Paul Brady – Vicar St. Sessions Vol I


Paul Brady

The Vicar St. Sessions Vol I

Proper Records

The cream of Irish music celebrate an unheralded genius

Paul Brady? Who he? You ask; well my friend I first saw Paul Brady over 30 years ago at the legendary Riverside Club in Newcastle when he was the new Bob Dylan/Van Morrison/James Taylor (delete as appropriate) and while he has never achieved the record sales he deserved he has made an extraordinarily good living from his songwriting; and alongside some wonderful collaborations over the years, that is what this album/concert goes someway to celebrating.

The songs here are from a series of 23 gigs Brady did at Vicar St. in Dublin Town across the month of October 2001 and include many of his own wonderful songs and duets with some of Irelands finest singers (plus a couple of others) who were all at the very height of their careers.

Opening with what fans might consider his ‘signature tune’, I Want You To Want Me, Brady and band sound like the greatest Soft-Rock band you’ve ever heard this is followed by the first collaboration; with Mark Knopfler no less on Baloney Again, where the Geordie guitarist shows why he is the most underrated guitarist in the world; no histrionics, just brilliant guitar licks to compliment two great voices.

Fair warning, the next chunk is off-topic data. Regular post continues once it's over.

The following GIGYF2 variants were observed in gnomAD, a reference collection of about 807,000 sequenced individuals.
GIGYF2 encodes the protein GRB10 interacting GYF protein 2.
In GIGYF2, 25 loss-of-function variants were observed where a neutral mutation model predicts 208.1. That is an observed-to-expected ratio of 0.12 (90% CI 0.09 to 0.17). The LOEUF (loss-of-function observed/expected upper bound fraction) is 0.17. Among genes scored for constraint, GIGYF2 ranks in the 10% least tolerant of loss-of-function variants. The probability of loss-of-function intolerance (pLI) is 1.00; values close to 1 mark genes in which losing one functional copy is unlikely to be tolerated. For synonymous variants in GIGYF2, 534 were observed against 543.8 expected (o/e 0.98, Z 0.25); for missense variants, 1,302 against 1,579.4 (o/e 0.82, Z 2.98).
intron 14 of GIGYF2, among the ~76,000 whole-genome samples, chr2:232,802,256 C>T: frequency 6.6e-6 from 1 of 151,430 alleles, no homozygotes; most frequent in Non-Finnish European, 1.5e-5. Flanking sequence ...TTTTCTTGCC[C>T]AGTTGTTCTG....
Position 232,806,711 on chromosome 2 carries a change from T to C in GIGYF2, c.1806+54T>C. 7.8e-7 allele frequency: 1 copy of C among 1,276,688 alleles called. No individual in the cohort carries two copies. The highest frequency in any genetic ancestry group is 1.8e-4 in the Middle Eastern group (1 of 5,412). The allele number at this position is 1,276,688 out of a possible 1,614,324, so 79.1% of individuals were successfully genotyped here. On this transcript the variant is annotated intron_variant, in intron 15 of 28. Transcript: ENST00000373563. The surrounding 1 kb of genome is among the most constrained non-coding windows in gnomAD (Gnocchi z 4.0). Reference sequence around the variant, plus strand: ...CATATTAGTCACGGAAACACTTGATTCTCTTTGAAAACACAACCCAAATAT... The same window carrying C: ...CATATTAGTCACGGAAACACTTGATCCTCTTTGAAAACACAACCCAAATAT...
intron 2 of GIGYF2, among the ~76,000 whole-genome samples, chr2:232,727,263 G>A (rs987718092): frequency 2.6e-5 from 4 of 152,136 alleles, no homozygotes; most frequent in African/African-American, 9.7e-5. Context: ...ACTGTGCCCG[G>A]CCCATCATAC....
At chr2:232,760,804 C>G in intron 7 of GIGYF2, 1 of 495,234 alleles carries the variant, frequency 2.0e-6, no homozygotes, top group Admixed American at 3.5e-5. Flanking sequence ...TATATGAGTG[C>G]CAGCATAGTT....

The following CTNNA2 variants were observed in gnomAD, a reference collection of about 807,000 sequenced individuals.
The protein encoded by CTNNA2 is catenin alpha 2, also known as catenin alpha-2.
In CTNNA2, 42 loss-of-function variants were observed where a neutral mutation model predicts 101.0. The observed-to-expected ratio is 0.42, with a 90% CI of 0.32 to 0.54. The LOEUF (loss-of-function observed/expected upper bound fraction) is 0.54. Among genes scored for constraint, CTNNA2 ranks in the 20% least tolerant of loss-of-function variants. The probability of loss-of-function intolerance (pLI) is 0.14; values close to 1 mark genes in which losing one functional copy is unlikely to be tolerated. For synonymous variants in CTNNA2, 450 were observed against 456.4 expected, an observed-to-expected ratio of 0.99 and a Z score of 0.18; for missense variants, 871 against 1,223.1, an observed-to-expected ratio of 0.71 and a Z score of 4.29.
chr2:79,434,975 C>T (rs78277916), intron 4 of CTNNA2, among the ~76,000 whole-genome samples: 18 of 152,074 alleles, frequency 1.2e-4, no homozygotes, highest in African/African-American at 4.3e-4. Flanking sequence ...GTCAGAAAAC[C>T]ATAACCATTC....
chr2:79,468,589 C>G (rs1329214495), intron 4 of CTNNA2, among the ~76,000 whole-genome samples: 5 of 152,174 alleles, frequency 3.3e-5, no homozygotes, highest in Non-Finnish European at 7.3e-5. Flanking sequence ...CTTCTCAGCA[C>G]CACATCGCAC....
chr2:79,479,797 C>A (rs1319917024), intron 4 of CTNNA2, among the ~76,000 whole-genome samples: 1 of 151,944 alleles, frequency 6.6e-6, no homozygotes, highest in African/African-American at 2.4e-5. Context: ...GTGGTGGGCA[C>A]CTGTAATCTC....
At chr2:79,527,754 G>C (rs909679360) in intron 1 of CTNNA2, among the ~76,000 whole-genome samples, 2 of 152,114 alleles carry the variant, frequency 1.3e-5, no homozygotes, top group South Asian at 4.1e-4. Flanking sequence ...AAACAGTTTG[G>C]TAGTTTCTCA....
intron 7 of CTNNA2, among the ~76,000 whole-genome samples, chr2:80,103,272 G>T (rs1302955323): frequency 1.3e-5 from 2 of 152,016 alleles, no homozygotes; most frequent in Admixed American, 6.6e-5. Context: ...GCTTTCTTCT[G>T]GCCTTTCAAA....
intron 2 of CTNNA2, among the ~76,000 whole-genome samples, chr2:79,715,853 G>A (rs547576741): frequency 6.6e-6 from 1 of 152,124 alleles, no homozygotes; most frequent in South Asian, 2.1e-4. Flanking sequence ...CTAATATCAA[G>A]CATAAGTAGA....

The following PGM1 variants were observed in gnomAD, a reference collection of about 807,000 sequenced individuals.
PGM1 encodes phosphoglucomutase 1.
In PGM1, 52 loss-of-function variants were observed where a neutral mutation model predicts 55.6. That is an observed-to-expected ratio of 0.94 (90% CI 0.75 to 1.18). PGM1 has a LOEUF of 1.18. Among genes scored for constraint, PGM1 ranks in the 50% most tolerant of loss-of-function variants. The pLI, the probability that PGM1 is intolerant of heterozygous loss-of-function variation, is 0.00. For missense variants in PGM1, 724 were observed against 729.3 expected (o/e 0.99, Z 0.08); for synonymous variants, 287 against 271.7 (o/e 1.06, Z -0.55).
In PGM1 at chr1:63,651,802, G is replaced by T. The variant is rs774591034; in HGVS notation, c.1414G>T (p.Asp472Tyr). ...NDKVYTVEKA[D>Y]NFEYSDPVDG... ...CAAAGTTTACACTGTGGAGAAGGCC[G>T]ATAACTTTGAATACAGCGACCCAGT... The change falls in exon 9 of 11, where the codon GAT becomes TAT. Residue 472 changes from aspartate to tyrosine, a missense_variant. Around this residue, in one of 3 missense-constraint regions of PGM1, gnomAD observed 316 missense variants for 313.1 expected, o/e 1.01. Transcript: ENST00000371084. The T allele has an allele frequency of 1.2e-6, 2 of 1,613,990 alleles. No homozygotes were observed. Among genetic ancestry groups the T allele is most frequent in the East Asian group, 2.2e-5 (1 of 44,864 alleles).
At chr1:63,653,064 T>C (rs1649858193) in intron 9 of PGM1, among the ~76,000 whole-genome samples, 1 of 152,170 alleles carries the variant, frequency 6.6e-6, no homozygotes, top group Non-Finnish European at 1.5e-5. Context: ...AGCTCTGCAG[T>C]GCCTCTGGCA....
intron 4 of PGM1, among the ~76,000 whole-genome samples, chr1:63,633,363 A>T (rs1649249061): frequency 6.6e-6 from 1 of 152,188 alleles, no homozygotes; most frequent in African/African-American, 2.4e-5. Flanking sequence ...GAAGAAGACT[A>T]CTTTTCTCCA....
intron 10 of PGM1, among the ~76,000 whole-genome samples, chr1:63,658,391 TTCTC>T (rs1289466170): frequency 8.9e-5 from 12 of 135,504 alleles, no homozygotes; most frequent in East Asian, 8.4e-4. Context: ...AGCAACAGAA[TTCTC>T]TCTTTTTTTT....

With Brady’s songs for others it’s difficult to tell what are his finest works; as I was taken by surprise when he introduced Pop Star Ronan Keating to join him; but my wife was singing along with The Long Goodbye immediately as it is (apparently) one of her favourite singles by Keating. Who knew?

For me though the first time I listened was without any aid memoir so hearing Bonnie Raitt on Not The Only One and Mr. Van Morrison singing Irish Heartbeat alongside Brady was beyond special; and although I’m not a fan, Sinead O’Conner singing her own In This Heart with Brady turned me all gooey inside; honest.

Even that song isn’t the biggest and best surprise as Curtis Stigers singing Don’t Go Far accompanied by his own acoustic guitar and Brady on piano should be an absolute ‘show stealer;’ but when Eleanor McAvoy sings Last Seen October 9th with Brady gently tinkling the piano you can’t even hear a breath in the venue for the duration of this heartbreaking yet beautiful song.

Baring in mind this album was recorded 14 years ago; the production values are fantastic with everything sounding crystal clear and by the time we get to the finale; an ensemble singing Dylan’s Forever Young with gusto, zeal and smiles a’plenty I defy anyone not to be checking out Brady’s back catalogue with an view to spending hard cash on some of his previous 14 albums.

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